May 3, 2008

Another take on Legend

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Last night I caught up with some friends over dinner at the Legend Concept, the private kitchen which I had just visited a few weeks ago. As happens very often, we had the place to ourselves and it turned out to be a very enjoyable evening.

We started with the 2005 Bernard Morey Chassagne Montrachet 1er Cru Morgeot. This was very ripe, sweet with chewy fat on the palate. Classic toasty oak and minerals on the nose, with a medium long finish. This wine is ready to drink now, given the power of this awesome vintage.

The appetizer was baby abalone, which was marinated with soy sauce. Unfortunately the sauce was a little bland, so the natural "fishy" taste was a little too prominent. The artichoke hearts on the side were interesting but I wasn't sure how it added to the dish.

Next we had mushroom consomme, which was really disappointing. It tasted like the product of simply soaking dry mushrooms in hot water, something I do at home as preparation. Am I being harsh? Perhaps. But by this point I was thinking that dinner would be a very different experience compared to a few weeks ago.

This was followed by pan-seared scallops with risotto. The scallops were fresh, tender and sweet, if again a bit bland. The accompanying risotto was done fairly well, a little al dente.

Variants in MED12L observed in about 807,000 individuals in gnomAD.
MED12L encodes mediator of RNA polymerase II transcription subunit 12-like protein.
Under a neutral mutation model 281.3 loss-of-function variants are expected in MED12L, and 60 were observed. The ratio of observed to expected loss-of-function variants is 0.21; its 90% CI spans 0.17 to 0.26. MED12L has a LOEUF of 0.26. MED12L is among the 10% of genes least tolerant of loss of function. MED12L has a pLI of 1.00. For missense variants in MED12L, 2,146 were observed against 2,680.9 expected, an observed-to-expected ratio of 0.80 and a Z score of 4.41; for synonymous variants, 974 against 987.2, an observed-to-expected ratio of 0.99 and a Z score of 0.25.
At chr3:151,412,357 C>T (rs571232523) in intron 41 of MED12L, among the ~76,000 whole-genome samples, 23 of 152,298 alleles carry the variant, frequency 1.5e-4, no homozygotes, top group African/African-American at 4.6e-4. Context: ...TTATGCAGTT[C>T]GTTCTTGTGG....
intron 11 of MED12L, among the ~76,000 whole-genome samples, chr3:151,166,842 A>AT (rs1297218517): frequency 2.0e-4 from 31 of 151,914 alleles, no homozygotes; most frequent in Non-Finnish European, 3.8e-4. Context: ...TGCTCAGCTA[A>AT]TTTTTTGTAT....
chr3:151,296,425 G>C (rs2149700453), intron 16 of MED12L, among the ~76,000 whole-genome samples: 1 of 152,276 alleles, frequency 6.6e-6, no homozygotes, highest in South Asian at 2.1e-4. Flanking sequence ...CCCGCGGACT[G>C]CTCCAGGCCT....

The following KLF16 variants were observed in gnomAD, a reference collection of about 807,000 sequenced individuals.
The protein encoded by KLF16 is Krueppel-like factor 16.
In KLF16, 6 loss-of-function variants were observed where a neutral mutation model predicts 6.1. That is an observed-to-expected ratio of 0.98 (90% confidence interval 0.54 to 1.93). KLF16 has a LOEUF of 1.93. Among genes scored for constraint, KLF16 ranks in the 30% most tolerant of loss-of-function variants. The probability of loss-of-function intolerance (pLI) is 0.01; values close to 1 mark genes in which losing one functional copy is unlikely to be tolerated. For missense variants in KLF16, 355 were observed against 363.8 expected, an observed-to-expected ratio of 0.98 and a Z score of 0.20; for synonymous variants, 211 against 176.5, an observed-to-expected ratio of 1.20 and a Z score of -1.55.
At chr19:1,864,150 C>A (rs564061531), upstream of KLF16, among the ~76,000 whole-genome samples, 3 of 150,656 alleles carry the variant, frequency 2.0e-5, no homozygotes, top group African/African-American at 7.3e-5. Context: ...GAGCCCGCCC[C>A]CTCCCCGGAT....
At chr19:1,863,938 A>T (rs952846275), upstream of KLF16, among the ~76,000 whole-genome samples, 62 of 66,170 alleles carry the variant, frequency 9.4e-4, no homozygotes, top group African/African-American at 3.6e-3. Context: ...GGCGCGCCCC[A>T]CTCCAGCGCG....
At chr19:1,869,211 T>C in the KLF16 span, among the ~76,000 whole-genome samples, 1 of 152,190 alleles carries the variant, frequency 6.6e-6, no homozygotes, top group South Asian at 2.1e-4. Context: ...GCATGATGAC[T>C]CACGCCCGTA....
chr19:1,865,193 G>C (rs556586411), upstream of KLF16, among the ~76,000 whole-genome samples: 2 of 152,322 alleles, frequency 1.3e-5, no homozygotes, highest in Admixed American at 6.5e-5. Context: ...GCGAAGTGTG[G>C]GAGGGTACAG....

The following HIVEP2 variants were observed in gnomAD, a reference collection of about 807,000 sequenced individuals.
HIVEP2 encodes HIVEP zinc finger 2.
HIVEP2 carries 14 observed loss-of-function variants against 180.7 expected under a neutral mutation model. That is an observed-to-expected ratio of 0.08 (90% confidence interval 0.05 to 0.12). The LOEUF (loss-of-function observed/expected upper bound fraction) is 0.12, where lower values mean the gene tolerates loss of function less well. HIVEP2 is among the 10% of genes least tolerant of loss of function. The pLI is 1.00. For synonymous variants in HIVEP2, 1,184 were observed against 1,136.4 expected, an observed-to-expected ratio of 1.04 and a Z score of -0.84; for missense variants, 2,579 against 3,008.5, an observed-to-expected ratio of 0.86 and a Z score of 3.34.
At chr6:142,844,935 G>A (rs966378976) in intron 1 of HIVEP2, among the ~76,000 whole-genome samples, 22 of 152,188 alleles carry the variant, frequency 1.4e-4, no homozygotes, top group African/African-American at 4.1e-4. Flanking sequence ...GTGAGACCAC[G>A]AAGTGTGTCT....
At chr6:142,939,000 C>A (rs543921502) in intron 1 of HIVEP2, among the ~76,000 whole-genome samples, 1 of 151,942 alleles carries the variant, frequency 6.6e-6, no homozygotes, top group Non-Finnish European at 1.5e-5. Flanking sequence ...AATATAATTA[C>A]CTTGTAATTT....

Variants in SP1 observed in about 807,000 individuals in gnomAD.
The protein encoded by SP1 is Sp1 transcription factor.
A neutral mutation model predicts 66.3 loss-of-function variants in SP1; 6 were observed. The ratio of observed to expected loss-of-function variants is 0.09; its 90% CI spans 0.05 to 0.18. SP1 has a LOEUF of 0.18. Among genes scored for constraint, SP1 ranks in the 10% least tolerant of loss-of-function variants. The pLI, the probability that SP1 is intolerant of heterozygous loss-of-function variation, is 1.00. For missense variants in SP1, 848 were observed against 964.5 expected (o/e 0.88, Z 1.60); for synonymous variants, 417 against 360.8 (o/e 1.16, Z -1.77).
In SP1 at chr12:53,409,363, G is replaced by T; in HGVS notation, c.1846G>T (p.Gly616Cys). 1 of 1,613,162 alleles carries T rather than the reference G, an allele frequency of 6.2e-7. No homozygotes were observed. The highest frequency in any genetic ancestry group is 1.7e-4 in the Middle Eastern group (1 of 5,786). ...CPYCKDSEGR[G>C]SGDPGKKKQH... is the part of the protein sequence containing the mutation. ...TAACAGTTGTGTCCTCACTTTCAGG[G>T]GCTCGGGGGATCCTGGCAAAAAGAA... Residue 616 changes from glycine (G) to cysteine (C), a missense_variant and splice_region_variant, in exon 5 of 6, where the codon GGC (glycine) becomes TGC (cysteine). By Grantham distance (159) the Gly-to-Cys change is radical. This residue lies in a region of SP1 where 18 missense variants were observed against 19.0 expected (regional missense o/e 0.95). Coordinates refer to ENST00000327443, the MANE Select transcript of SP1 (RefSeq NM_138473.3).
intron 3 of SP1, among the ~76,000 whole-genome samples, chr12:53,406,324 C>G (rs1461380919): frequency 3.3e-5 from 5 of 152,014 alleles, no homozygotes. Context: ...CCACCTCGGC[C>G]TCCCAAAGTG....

We started on the 1998 Hacienda Monasterio Reserva Especial. Now this was an interesting wine, made by Peter Sissek of Pingus fame. The nose was classic Right Bank Bordeaux, sweet and ripe, with familiar farmy, gamey notes. It was a full-boded wine and the tannins were still pretty heavy. Very delish for a Bordeaux blend from the Ribera del Duoro.

We were given a nice watermelon sorbet to cleanse our palate. This has become the highlight of the meals here. I'm gonna have to learn how to make these at home.

The main course of spring chicken roll was quite an interesting creation. Take giant prawns, roll a layer of calamari paste around it, wrap a layer of nori seaweed, and stuff it all in a shell of spring chicken. Cut into slices, the flavors actually worked well together.

The second red of the evening was the 1995 Shafer Hillside Select. Ripe fruit in the nose as one would expect from a Californian, but after a while the wine was actually more like a Left Bank Bordeaux. A very full-bodied wine, but a little disappointed.

To accompany dessert (a nice Napoleon) , we had a half bottle of the 2004 Suduiraut, which had lots of ripe apricot, melon, orange and honey. A little young but already delicious, and a perfect way to end the evening.

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